Today's newsletter touches on all the meaty, difficult, hard-to-resolve topics that makes content moderation such a fascinating issue to follow — transparency, accountability, labour rights, and the rule of law to name a few. I've linked to relevant past editions of EiM to help to give further context to this week's developments.
To new subscribers from Cornell, DCMS, SightEngine, The Amplifier Group and elsewhere, thanks for joining the club. If you enjoy today's edition, consider forwarding it to someone who might also find it useful or share it on the least badly moderated platform you know.
Here's everything you need to know in moderation this week — BW
New and emerging internet policy and online speech regulation
The Oversight Board, the independent-but-Meta-funded council created two years ago, aims to take a "more visible, consequential" role in the way Facebook and Instagram moderates speech, according to a long and detailed profile in Wired.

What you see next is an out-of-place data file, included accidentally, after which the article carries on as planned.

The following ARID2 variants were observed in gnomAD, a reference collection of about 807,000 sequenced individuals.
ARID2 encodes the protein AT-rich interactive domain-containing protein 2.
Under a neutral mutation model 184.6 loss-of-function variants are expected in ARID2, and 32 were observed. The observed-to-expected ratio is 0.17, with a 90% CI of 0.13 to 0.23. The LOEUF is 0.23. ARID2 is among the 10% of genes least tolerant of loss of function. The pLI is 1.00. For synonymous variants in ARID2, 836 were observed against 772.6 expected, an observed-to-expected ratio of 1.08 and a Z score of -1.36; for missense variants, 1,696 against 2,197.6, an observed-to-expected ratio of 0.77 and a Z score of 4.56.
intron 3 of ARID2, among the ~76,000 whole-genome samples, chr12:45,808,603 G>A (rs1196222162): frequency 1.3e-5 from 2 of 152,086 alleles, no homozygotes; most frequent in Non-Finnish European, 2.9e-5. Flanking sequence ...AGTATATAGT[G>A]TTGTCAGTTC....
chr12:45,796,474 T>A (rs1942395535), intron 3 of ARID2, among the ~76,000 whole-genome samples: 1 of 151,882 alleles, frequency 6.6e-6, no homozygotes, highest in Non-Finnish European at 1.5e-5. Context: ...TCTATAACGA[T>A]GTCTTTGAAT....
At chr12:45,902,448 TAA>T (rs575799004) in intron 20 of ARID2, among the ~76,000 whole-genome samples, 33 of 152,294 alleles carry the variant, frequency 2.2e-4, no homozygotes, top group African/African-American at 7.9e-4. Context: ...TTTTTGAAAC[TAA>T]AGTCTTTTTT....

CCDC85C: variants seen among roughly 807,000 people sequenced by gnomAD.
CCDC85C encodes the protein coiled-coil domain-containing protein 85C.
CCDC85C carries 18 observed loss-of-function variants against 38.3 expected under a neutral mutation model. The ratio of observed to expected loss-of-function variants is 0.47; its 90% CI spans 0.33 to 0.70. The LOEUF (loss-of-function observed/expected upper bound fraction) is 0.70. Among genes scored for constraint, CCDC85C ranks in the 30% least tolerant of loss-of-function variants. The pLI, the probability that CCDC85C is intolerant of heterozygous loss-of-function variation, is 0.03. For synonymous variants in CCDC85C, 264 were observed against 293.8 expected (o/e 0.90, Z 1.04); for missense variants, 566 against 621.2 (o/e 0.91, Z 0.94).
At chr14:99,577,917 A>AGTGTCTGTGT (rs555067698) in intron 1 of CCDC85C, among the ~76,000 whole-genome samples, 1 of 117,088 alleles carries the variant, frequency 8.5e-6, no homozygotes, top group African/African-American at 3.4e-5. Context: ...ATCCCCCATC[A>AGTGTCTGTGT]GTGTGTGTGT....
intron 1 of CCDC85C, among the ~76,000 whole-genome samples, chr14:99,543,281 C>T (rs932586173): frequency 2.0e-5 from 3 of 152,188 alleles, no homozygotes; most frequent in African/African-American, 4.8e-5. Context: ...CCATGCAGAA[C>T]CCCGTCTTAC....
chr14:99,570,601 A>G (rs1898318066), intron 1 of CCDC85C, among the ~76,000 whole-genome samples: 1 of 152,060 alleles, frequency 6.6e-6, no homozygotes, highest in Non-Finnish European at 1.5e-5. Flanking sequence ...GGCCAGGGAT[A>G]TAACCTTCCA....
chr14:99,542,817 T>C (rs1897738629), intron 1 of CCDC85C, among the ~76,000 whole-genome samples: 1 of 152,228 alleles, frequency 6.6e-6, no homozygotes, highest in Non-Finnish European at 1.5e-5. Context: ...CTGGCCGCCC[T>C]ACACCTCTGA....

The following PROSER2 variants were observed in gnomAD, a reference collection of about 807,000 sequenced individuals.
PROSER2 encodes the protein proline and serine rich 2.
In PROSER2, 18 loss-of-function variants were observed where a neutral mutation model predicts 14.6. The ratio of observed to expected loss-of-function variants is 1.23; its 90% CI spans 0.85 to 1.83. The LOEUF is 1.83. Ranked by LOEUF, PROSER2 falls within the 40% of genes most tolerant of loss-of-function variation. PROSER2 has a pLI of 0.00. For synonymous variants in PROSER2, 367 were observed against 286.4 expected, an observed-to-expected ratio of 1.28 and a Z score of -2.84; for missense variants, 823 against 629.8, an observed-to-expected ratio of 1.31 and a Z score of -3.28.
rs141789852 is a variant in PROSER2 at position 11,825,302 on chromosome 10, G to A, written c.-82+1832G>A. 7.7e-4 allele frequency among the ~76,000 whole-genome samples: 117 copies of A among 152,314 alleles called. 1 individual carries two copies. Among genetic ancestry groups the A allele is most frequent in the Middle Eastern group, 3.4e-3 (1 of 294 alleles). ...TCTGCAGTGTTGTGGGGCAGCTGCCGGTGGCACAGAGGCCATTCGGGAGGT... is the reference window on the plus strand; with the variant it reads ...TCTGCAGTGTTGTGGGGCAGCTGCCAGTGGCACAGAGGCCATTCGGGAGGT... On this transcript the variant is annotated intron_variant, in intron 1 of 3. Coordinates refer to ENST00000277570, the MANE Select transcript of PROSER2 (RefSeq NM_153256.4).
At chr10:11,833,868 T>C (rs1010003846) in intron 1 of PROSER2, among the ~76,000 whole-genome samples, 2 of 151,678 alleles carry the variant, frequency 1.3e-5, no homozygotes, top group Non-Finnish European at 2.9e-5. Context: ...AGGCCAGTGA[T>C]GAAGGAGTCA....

There are lots that we know in there — not least that Meta has implemented less than a quarter of the Board's recommendations — but also a number of details which I had missed: platform algorithm expert Renée DiResta being denied a spot on the board because "they were going in a different direction"; the difficulty getting access to Crowdtangle to conduct investigations and the furore over Facebook's u-turn on seeking a Ukraine advisory (EiM #153). Steven Levy, who writes the story, even sits in on the investigation of the Xcheck debacle (EiM #129) so chances are you'll learn something new. My read of the week.